Bartleby The Scrivener Allusion Analysis

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The short story, “Bartleby, the Scrivener” is written in by the author Herman Melville, and in the story there are numerous allusions to the Bible. An allusion is when an author indirectly references a famous piece of work in expectation that it will be familiar to the readers. In “Bartleby, the Scrivener” the narrator states, “For a few moments I was turned into pillar of salt, standing at the head of my seated column of clerks. Recovering myself, I advanced toward the screen and demanded the reason for such extraordinary conduct” (884). The narrator felt that he turned into a pillar of salt following Bartleby’s reoccurring refusal of examining the copies. The phrase that is important in this particular passage is “turned into a pillar of salt.” This is an allusion to Genesis 19:26 because in this chapter of the Bible the angels were told by the Lord to destroy the city of Sodom due to the behavior there.…show more content…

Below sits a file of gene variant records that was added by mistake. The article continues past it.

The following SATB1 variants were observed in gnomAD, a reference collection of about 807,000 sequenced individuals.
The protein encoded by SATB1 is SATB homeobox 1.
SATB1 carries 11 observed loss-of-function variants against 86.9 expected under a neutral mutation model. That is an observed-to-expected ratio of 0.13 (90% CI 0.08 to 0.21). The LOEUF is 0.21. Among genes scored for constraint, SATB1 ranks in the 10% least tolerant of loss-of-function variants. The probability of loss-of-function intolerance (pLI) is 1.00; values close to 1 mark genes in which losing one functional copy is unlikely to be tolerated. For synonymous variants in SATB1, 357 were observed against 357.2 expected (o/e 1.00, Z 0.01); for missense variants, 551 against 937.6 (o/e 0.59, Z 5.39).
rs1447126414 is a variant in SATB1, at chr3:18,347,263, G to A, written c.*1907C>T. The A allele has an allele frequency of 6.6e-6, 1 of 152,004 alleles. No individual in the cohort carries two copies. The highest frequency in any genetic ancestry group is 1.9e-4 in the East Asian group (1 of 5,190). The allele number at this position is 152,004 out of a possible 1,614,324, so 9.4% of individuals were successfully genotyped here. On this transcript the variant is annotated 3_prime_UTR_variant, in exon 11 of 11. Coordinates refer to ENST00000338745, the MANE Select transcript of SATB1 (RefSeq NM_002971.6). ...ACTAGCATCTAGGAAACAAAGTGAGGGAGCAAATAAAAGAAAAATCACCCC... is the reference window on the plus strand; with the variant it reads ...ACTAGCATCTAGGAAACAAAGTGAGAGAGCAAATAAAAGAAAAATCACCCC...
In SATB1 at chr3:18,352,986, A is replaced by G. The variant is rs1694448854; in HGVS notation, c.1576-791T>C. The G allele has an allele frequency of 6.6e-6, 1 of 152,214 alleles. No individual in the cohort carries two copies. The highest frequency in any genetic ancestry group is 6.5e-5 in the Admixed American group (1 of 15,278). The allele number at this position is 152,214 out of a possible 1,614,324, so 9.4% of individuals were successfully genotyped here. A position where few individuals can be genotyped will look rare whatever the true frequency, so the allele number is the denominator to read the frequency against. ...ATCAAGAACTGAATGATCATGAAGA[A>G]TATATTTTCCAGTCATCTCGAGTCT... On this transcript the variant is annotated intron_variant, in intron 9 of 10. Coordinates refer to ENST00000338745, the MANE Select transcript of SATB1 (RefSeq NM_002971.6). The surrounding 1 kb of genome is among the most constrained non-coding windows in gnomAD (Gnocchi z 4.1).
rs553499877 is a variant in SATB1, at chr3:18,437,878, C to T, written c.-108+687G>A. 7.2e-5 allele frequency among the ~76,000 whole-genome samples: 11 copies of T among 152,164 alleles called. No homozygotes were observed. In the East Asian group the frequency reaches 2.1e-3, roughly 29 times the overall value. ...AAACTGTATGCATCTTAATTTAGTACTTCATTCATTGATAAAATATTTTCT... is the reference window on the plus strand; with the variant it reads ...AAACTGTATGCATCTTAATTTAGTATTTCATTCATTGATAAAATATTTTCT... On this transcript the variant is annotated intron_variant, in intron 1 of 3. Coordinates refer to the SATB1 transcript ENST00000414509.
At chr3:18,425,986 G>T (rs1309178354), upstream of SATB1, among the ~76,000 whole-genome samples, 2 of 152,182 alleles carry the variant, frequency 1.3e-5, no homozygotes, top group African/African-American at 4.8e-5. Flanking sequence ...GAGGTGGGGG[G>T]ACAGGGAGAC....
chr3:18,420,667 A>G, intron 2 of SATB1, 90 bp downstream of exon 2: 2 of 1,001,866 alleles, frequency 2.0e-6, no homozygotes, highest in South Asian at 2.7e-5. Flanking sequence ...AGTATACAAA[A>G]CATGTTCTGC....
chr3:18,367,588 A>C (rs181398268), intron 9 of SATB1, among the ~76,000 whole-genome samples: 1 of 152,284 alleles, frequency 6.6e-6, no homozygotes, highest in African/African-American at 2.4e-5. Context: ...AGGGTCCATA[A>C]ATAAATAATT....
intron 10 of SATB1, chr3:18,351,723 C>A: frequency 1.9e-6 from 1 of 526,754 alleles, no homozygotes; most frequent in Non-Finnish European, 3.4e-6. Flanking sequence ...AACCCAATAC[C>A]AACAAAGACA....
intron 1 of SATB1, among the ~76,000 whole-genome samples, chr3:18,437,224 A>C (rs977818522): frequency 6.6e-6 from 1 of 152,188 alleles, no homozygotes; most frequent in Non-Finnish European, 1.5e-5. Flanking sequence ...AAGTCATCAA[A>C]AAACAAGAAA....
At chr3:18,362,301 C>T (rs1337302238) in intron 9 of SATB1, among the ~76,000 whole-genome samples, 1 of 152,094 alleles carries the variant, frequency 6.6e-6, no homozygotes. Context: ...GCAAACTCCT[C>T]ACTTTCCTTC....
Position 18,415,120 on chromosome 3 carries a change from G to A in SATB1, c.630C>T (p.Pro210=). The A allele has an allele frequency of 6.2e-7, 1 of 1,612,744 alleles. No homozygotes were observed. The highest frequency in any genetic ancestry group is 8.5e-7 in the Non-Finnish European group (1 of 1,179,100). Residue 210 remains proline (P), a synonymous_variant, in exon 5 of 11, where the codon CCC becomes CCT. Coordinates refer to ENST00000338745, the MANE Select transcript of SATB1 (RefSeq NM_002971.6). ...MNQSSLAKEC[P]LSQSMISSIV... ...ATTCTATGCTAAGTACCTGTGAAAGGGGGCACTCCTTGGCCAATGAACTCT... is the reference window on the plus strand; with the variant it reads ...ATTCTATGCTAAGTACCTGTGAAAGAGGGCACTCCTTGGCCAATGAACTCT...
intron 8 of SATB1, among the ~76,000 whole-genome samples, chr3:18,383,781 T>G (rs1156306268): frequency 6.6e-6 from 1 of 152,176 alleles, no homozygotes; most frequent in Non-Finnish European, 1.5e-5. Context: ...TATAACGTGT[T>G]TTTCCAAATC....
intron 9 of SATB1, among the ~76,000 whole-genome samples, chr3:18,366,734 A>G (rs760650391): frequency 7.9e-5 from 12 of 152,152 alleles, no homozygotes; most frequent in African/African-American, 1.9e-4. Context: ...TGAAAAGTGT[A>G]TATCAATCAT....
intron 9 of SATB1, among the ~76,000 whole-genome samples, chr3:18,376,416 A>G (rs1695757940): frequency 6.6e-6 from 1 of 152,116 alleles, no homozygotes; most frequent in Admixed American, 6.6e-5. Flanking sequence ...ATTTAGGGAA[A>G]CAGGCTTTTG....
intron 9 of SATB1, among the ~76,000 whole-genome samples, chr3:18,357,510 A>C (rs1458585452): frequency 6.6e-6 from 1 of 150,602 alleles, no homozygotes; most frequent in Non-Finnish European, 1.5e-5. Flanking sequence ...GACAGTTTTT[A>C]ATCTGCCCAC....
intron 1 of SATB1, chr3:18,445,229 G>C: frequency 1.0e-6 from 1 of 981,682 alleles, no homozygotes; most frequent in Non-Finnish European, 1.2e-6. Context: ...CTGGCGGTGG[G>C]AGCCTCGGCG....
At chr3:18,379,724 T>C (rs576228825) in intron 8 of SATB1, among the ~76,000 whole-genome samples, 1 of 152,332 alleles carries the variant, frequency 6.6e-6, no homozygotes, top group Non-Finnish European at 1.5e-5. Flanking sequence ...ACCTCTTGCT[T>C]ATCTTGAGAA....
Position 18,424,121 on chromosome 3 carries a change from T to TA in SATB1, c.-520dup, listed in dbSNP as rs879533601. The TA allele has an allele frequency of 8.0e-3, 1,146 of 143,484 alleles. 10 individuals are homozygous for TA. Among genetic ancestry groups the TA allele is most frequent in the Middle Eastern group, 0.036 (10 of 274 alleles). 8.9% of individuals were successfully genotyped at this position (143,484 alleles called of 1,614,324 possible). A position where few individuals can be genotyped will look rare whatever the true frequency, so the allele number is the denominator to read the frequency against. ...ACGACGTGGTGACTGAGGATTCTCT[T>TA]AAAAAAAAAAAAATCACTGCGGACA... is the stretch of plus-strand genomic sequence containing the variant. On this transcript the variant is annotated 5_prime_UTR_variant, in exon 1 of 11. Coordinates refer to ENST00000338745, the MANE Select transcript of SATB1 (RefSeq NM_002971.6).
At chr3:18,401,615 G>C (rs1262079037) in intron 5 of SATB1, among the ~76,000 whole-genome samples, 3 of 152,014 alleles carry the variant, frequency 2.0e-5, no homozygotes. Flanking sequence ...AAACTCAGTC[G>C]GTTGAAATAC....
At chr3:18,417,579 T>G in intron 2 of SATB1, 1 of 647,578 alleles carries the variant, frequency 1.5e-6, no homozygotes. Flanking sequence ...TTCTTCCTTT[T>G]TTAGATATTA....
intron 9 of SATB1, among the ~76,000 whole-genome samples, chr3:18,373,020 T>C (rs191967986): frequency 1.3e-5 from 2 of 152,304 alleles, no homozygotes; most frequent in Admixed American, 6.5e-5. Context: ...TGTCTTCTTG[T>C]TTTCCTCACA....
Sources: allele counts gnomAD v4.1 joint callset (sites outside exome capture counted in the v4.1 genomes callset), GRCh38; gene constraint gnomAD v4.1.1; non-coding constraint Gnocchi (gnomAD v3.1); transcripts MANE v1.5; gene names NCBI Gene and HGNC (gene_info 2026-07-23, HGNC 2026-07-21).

The author’s choice relates to the story as a whole because throughout the story the narrator continuously felt as if it was his duty to help Bartleby in any way that he could. This is supported by a statement of the narrator, which also alludes to the Bible. He admitted, “For the first time in my life a feeling of overpowering stinging melancholy seized me. Before I had never experience aught but a not unpleasing sadness. The bond of common humanity now drew me irresistibly to gloom. A fraternal melancholy! For both I and Bartleby were sons of Adam” (889). Even though the narrator was not guilty of being disobedient at this moment, he was growing angrier at Bartleby due to his refusal to do his job. This ultimately lead him to not serving God because he would eventually stop being of assistance to Bartleby, which may have let to stating that he turned into a pillar of salt a that

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